From “Freedom Day” – “Freedom Day” – to the risk of “Covid chaos” … The British government had to maintain the lifting of all legal health restrictions in England from Monday July 19 – end of the wearing of the compulsory mask in stores and transport, end of indoor gauges.
But, to believe the Mail on Sunday, Boris Johnson has given up to the “Churchillian” speech he was preparing for the occasion, preferring to call his fellow citizens to the “ prudence » Sunday.
And for good reason: the Downing Street strategy seems increasingly risky, as Covid-19 infections have crossed the 50,000 daily case mark and the economy is threatened with paralysis, as millions of Britons are forced to quarantine himself for having been contact cases. Starting with Boris Johnson himself, like Rishi Sunak, his Chancellor of the Exchequer, who confirmed to isolate himself, until July 26, after having rubbed shoulders with the Minister of Health Sajid Javid, tested positive on Saturday. They tried to escape quarantine, but very quickly gave it up, faced with the start of a controversy.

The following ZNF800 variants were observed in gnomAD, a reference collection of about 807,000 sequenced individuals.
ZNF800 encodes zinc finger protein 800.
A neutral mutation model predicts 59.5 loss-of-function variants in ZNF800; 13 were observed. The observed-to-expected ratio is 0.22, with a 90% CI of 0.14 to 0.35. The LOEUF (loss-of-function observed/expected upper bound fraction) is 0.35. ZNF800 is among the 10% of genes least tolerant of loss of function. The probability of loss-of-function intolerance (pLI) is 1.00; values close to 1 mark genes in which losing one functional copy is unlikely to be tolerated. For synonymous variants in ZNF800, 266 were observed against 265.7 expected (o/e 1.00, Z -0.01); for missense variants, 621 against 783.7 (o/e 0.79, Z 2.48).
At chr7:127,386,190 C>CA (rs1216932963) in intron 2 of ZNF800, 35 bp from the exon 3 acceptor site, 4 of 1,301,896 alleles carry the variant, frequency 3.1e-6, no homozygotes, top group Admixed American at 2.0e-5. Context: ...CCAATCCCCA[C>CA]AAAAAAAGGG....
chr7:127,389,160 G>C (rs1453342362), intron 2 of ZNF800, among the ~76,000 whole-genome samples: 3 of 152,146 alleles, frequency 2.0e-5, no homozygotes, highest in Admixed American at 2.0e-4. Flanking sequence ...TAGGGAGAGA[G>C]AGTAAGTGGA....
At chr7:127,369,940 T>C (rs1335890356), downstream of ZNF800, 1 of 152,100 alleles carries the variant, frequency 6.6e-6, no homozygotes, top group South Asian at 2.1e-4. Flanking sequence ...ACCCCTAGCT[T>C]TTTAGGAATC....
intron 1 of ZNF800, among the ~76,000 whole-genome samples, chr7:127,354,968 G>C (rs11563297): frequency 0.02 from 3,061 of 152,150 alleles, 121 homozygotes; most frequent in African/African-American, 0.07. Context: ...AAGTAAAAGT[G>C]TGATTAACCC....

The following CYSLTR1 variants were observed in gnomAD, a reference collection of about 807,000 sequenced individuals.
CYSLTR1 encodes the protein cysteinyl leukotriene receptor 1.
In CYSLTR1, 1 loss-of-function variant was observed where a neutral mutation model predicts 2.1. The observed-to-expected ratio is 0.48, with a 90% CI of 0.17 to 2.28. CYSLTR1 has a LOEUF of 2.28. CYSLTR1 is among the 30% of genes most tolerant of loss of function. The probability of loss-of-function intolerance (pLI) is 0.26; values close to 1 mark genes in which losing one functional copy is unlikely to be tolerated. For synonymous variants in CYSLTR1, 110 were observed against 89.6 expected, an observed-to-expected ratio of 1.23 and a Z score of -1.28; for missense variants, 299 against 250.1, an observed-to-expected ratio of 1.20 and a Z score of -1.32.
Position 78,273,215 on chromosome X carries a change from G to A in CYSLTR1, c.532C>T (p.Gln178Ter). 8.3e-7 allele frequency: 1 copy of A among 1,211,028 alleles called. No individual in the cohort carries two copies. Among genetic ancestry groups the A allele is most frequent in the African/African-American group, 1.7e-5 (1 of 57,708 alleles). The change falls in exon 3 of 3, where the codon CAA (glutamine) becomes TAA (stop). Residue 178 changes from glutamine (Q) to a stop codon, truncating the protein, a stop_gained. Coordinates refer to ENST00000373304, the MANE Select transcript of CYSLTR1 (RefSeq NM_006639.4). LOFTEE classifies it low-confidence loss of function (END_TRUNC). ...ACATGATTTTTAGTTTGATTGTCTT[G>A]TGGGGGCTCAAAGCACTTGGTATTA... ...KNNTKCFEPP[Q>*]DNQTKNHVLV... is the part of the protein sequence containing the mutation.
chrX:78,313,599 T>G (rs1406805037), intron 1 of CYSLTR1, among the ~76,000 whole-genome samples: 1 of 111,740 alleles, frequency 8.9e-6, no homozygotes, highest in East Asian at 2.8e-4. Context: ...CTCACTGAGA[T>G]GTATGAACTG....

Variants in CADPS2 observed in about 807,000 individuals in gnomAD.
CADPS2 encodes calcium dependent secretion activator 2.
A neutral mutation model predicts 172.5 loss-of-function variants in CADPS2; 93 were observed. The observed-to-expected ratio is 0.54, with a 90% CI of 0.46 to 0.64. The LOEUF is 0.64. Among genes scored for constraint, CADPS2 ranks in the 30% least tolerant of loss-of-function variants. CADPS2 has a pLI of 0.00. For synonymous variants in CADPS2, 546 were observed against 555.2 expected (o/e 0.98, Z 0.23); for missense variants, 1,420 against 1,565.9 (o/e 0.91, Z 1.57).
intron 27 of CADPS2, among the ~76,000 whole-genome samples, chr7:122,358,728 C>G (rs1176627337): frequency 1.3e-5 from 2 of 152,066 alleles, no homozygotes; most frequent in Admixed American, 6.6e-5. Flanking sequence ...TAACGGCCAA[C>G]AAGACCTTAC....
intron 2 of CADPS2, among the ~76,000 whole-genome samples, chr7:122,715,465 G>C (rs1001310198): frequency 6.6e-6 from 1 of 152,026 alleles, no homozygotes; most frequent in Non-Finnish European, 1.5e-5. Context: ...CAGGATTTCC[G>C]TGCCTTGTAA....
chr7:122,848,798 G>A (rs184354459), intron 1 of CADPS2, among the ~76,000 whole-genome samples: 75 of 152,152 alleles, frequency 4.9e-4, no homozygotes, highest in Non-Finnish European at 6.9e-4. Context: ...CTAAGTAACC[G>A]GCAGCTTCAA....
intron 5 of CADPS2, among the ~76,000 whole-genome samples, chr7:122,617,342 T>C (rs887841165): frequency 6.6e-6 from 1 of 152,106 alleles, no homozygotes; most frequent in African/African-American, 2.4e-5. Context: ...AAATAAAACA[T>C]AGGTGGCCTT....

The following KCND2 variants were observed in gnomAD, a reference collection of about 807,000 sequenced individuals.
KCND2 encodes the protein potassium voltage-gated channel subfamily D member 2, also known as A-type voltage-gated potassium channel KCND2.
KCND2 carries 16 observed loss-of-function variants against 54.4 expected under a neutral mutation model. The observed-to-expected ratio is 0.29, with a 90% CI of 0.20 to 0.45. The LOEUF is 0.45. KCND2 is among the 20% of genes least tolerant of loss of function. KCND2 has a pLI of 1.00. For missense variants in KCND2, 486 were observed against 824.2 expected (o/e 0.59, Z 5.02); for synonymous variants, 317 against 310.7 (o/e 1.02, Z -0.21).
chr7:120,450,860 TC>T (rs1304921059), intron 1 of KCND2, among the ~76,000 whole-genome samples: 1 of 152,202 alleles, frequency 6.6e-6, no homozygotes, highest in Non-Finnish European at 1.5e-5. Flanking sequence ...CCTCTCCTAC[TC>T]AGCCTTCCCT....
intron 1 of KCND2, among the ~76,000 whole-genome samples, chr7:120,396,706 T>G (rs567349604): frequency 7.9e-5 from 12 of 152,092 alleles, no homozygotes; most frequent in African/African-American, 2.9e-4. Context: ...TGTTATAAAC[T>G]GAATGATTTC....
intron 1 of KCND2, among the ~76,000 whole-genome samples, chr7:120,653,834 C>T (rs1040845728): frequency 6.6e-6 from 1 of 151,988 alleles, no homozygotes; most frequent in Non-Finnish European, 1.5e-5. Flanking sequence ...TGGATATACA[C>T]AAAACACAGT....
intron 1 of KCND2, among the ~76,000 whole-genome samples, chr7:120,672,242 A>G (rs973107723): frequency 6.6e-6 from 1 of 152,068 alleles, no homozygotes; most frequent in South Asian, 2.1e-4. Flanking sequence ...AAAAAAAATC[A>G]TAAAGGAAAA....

As of Saturday, 54,674 cases of contamination in twenty-four hours had been recorded in the United Kingdom, an increase of 40% in one week. As of Sunday, 48,161 cases were again reported. And while the Pfizer and AstraZeneca vaccines are more than 90% effective in preventing severe cases and hospitalizations, the latter are progressing rapidly, with 740 patients admitted to hospital on July 13, double the start of the month. Deaths also remain limited (twenty-five deaths recorded on Sunday), but they follow the same worrying progression as hospitalizations.
Hundreds of thousands of contact cases
Already, hospitals under pressure – in Birmingham for example – have announced that they are deprogramming operations. Another consequence, also very embarrassing, in the week of July 5, 530,126 Britons were contacted by the contact tracing application, “Test & Trace”, asking them to isolate themselves.
National media are now talking about a «Pingdemic» (an epidemic of notifications sent by the application): for lack of staff forced to stay at home, the London Underground had to close two lines of its network on Saturday; Steve Rowe, CEO of Marks & Spencer, explains in the columns of the Sunday Times, that the chain of stores was going to have to reduce its time slots for lack of personnel.
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